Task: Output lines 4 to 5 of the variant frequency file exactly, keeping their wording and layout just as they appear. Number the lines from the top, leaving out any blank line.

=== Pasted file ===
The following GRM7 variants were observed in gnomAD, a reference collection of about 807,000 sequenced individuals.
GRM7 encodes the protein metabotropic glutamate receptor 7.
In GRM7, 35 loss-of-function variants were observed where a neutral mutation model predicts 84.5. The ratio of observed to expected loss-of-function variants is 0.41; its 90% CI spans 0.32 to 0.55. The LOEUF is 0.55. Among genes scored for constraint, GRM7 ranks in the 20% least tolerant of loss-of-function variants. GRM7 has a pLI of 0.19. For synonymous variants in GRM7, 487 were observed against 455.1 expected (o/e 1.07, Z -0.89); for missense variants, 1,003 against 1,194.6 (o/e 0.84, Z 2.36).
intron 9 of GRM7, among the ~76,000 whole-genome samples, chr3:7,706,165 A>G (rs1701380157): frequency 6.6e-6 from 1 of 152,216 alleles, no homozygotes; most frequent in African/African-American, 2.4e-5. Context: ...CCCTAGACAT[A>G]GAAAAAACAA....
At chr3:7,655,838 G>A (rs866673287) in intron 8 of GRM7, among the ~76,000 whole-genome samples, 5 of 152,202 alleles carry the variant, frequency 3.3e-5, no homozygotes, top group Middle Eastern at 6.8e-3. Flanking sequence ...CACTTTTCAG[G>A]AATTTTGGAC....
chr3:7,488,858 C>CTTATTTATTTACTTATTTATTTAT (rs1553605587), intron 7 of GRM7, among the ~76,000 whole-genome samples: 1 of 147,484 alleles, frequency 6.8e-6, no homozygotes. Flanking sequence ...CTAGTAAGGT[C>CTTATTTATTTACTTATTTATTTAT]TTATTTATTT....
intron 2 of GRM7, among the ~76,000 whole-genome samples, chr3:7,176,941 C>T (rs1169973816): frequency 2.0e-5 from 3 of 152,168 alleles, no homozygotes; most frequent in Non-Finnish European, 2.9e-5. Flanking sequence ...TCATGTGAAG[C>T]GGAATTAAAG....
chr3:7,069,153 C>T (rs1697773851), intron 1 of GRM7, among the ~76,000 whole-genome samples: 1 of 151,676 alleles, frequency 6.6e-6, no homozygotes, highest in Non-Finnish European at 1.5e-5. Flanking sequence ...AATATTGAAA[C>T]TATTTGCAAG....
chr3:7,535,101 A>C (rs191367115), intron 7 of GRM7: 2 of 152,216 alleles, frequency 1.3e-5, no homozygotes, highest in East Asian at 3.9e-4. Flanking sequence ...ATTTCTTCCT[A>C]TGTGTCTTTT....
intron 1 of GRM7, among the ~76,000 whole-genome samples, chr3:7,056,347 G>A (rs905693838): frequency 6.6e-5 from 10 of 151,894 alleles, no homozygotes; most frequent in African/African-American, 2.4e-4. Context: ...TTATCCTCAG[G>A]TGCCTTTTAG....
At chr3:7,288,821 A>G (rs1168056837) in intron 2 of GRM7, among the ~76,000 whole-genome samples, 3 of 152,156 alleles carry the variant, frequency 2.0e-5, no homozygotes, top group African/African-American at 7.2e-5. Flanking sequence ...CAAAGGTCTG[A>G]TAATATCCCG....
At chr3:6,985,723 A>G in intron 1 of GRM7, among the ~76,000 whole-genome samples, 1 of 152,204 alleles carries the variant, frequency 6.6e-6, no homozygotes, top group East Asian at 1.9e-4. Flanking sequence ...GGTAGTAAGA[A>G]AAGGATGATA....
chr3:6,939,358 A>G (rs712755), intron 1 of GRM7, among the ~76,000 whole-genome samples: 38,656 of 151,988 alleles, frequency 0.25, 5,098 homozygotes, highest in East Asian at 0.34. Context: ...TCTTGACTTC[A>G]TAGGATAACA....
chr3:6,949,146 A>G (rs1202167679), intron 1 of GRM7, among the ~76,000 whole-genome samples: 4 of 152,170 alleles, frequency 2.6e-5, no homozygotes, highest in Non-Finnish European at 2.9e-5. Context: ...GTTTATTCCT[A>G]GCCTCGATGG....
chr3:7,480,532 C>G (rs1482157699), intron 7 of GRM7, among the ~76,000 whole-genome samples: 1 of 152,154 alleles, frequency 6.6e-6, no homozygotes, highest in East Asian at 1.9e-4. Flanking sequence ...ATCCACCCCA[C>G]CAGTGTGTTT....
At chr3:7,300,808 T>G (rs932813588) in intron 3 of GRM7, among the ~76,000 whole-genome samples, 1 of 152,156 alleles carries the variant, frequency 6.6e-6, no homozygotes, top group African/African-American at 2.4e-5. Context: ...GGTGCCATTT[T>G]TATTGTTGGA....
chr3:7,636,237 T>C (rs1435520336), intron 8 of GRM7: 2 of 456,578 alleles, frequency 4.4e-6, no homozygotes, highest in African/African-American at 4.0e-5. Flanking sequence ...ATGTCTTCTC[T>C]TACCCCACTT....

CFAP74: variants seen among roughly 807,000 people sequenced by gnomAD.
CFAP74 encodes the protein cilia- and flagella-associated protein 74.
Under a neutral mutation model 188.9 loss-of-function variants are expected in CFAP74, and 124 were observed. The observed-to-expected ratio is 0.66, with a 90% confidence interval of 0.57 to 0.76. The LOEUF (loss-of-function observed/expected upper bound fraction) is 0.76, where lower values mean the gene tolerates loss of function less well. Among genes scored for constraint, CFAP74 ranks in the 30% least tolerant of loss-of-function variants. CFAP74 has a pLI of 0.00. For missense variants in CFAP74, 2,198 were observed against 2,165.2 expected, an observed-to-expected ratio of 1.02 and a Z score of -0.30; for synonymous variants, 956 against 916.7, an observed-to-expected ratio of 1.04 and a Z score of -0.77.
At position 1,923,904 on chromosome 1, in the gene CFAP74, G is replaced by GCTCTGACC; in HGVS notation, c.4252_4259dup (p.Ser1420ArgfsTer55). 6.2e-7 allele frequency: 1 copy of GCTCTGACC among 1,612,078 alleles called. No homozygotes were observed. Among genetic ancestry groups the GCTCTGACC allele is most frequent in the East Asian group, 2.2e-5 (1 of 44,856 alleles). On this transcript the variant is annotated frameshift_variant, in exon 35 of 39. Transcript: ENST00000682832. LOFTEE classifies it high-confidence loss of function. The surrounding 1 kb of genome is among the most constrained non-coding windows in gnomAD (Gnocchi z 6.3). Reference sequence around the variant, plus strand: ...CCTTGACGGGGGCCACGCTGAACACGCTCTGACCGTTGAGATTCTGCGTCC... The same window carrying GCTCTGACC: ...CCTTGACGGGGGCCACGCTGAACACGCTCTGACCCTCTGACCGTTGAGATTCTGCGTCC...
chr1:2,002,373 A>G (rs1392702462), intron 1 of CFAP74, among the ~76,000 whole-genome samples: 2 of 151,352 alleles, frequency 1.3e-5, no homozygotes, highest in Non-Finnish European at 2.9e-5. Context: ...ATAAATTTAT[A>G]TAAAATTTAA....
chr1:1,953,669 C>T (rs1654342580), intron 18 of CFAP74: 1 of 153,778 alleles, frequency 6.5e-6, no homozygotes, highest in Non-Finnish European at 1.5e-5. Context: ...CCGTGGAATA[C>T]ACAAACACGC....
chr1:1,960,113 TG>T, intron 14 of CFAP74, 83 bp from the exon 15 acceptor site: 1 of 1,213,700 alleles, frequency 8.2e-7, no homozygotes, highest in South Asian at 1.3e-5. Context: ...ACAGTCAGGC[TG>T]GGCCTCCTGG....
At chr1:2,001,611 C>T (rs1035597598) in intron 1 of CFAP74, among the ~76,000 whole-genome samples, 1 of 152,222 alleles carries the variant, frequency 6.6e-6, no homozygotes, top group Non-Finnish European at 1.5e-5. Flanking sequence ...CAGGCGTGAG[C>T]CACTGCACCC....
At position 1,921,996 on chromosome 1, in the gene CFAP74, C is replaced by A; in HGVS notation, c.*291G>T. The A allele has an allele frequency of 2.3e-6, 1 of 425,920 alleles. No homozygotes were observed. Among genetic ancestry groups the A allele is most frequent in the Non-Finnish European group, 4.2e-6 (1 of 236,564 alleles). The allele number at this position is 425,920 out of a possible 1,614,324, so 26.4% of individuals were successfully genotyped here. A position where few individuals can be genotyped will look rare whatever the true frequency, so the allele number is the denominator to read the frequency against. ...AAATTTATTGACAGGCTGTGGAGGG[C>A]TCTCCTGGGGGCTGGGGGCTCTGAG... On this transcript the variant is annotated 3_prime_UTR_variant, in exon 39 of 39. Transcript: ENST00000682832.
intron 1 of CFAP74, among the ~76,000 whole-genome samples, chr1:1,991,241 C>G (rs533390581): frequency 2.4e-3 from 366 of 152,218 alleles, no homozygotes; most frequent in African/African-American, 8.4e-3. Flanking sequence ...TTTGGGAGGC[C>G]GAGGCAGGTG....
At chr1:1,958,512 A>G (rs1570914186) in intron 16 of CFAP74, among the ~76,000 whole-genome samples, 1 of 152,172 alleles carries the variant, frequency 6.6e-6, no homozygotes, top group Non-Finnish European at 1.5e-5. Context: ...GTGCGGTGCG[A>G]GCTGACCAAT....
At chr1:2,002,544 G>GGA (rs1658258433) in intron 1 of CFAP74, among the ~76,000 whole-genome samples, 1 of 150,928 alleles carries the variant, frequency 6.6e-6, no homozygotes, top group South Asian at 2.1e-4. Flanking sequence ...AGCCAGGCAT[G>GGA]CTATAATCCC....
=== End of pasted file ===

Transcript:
intron 9 of GRM7, among the ~76,000 whole-genome samples, chr3:7,706,165 A>G (rs1701380157): frequency 6.6e-6 from 1 of 152,216 alleles, no homozygotes; most frequent in African/African-American, 2.4e-5. Context: ...CCCTAGACAT[A>G]GAAAAAACAA....
At chr3:7,655,838 G>A (rs866673287) in intron 8 of GRM7, among the ~76,000 whole-genome samples, 5 of 152,202 alleles carry the variant, frequency 3.3e-5, no homozygotes, top group Middle Eastern at 6.8e-3. Flanking sequence ...CACTTTTCAG[G>A]AATTTTGGAC....